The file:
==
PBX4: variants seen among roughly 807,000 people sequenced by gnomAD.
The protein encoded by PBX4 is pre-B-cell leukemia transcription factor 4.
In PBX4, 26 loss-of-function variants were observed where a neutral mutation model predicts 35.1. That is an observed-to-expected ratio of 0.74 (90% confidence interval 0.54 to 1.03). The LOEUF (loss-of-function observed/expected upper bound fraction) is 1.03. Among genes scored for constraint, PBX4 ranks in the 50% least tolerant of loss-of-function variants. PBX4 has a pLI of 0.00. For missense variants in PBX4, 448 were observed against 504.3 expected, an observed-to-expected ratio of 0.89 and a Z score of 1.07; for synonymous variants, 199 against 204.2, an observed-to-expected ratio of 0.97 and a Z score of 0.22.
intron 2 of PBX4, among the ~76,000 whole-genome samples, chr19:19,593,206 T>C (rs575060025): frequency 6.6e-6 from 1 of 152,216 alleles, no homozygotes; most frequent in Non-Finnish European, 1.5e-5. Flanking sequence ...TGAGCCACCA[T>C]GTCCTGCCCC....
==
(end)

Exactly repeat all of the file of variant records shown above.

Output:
PBX4: variants seen among roughly 807,000 people sequenced by gnomAD.
The protein encoded by PBX4 is pre-B-cell leukemia transcription factor 4.
In PBX4, 26 loss-of-function variants were observed where a neutral mutation model predicts 35.1. That is an observed-to-expected ratio of 0.74 (90% confidence interval 0.54 to 1.03). The LOEUF (loss-of-function observed/expected upper bound fraction) is 1.03. Among genes scored for constraint, PBX4 ranks in the 50% least tolerant of loss-of-function variants. PBX4 has a pLI of 0.00. For missense variants in PBX4, 448 were observed against 504.3 expected, an observed-to-expected ratio of 0.89 and a Z score of 1.07; for synonymous variants, 199 against 204.2, an observed-to-expected ratio of 0.97 and a Z score of 0.22.
intron 2 of PBX4, among the ~76,000 whole-genome samples, chr19:19,593,206 T>C (rs575060025): frequency 6.6e-6 from 1 of 152,216 alleles, no homozygotes; most frequent in Non-Finnish European, 1.5e-5. Flanking sequence ...TGAGCCACCA[T>C]GTCCTGCCCC....